On November 16, the corporate non-profit, Tampa Bay Rays 2020, which is funded by the Tampa Bay Rays — and designed to build support for corporate and public financing of a new baseball stadium in Ybor City — held a press conference that sowed confusion within the region.
With just attorney Ron Christaldi (Tampa Bay Rays 2020 co-founder, and one of the group’s two key business leaders) in attendance, the group spoke about the financial commitments received to date, with a medley of figures being touted, including a $16-million in commitment from local businesses.
Noticeably absent from the press conference were Hillsborough County Commissioner Ken Hagan, Tampa Mayor Bob Buckhorn, and business magnate Chuck Sykes.
That paltry figure that was later amended by Charlie Frago (Tampa Bay Times) to $16-million per year for the next decade.
Christaldi also indicated that negotiations on naming rights sponsorship, which could net up to $8-10 million per year were ongoing. It should be remembered though that Tampa Bay is the 13th largest media market in the country, behind Atlanta — the ninth largest media market — which allowed the Braves to net a $10-million per year naming rights deal. A $5-8 million per year naming rights deal would be more reasonable.
Ybor City stadium proponents are touting the news as a major step toward breaking ground, claiming that the $160-million figure would cover almost 20% of the estimated $892-million price tag. Not everything that glitters is gold.
It’s nothing more than a press release, with no context, tweeted Noah Pransky (WTSP News, Twitter link). In other words, it is a meaningless number designed to curry favorable headlines.
To put it another way, $16-million over 10-years (sans context, mind you) looks great on paper, yet it does nothing to touch the overall $892-million figure. When viewed over the life of a mortgage, that figure comes out to just $5.33-million per year over the presumed 30-year span.
Even so, all this is based on the presumption that $160-million — plus naming rights — would go toward construction costs, when in all likelihood that money would be revenue for the team. It’s more plausible that it would be used toward the team’s overall contribution to the project, not in addition to the Rays’ overall contribution.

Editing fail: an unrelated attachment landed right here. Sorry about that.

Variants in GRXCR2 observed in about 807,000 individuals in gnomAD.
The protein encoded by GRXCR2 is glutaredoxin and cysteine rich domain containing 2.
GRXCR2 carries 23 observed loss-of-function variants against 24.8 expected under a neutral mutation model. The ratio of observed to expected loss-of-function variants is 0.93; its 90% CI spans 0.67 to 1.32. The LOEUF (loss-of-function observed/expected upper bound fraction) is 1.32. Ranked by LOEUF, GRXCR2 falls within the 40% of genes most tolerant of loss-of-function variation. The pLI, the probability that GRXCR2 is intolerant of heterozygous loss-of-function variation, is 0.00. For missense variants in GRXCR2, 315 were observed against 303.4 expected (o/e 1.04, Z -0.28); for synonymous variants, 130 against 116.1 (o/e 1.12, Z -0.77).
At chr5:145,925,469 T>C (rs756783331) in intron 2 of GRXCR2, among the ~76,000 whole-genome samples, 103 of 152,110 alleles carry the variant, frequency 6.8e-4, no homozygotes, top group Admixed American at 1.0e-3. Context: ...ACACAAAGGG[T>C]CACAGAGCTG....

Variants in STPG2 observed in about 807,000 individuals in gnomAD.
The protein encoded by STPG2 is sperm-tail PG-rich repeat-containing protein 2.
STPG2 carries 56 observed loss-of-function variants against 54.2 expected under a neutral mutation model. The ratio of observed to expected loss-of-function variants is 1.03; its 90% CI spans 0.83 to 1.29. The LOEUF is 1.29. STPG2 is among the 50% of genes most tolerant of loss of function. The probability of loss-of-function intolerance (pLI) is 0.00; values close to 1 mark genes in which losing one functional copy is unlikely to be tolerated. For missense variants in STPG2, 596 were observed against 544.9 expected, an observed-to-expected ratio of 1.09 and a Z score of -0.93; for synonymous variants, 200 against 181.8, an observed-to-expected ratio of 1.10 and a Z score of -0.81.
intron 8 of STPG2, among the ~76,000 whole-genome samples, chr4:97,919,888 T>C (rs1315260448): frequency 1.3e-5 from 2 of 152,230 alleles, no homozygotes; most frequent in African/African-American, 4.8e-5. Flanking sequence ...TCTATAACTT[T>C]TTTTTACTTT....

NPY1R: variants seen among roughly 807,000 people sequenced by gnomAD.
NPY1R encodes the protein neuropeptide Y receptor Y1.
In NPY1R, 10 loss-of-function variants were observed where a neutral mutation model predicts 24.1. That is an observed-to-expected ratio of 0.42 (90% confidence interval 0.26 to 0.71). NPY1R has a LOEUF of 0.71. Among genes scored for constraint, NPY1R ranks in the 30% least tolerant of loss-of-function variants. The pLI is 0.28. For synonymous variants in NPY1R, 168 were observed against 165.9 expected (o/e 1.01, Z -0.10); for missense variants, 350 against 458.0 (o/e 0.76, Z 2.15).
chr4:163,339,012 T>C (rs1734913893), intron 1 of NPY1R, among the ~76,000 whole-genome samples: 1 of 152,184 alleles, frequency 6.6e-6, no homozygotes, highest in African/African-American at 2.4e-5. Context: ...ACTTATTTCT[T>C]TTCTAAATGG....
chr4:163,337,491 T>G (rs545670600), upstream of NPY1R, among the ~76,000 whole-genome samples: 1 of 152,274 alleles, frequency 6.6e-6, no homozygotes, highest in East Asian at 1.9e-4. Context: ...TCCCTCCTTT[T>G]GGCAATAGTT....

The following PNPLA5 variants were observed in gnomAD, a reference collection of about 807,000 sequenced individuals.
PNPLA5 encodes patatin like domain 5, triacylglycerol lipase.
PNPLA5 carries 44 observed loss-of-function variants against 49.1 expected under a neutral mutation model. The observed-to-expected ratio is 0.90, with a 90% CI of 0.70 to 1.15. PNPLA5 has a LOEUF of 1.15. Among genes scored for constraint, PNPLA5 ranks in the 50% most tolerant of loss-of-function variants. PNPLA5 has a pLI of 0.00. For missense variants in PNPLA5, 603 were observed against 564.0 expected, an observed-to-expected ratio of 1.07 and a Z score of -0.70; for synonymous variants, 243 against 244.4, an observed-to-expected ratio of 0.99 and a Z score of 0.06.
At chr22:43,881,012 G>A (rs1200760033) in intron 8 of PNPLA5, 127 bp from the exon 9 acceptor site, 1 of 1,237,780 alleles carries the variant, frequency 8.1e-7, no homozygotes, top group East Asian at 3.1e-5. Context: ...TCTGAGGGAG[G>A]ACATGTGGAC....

The team wants a new stadium, so it can boost revenues, said Pransky. But they won’t say how much they were expecting or how much they currently get. So, we have no idea if that $160-million is plus or minus the minus they were already expecting when factoring their construction spend.
Or, as Pransky wrote on November 16,
…It’s likely at least some of those dollars – if not all – are what the Rays are already counting on to help fund their yet-to-be-announced portion of stadium construction.
Put bluntly, when all is said and done it really does not change the calculus.
Still, the hour-long presentation was filled with optimism albeit with an admission that Tampa’s window of opportunity won’t last forever.
Timing is of the essence, Christaldi said.
A deadline on the team’s agreement with St. Petersburg to look in Hillsborough expires just before the stroke of midnight on New Year’s Eve.
St. Petersburg Mayor Rick Kriseman has played his political cards close to his vest on what he may ask the team to do if they miss the Dec. 31 deadline outlined in an agreement between the Sunshine City and the Rays. The agreement leaves no wiggle room for any missed deadlines, writes Frago.
When all is said and done, after three years of negotiations between the Rays and Hillsborough County, the team will be faced with three choices in just 34 days:
- Ask St. Petersburg city officials for an extension (According to Pransky, the team hasn’t approached the city yet).
- Give formal notice they will move to Tampa without a finance package in place.
- Give formal notice they will stay in St. Petersburg through 2027.
Yet don’t expect news of a formal announcement any time soon. On November 14th we wrote that Hillsborough County administrator Mike Merrill is telling commissioners not to expect any news on a deal until at least January.
Go ahead and cancel all the sports facility briefings for the remainder of the year, Michelle Sekouri, executive assistant to county administrator Mike Merrill, wrote to all commissioner’s offices last Friday. Mike is not anticipating having anything to share until January or after.
…Lest we also forget the political quagmire that Commissioner Hagan has gotten himself into.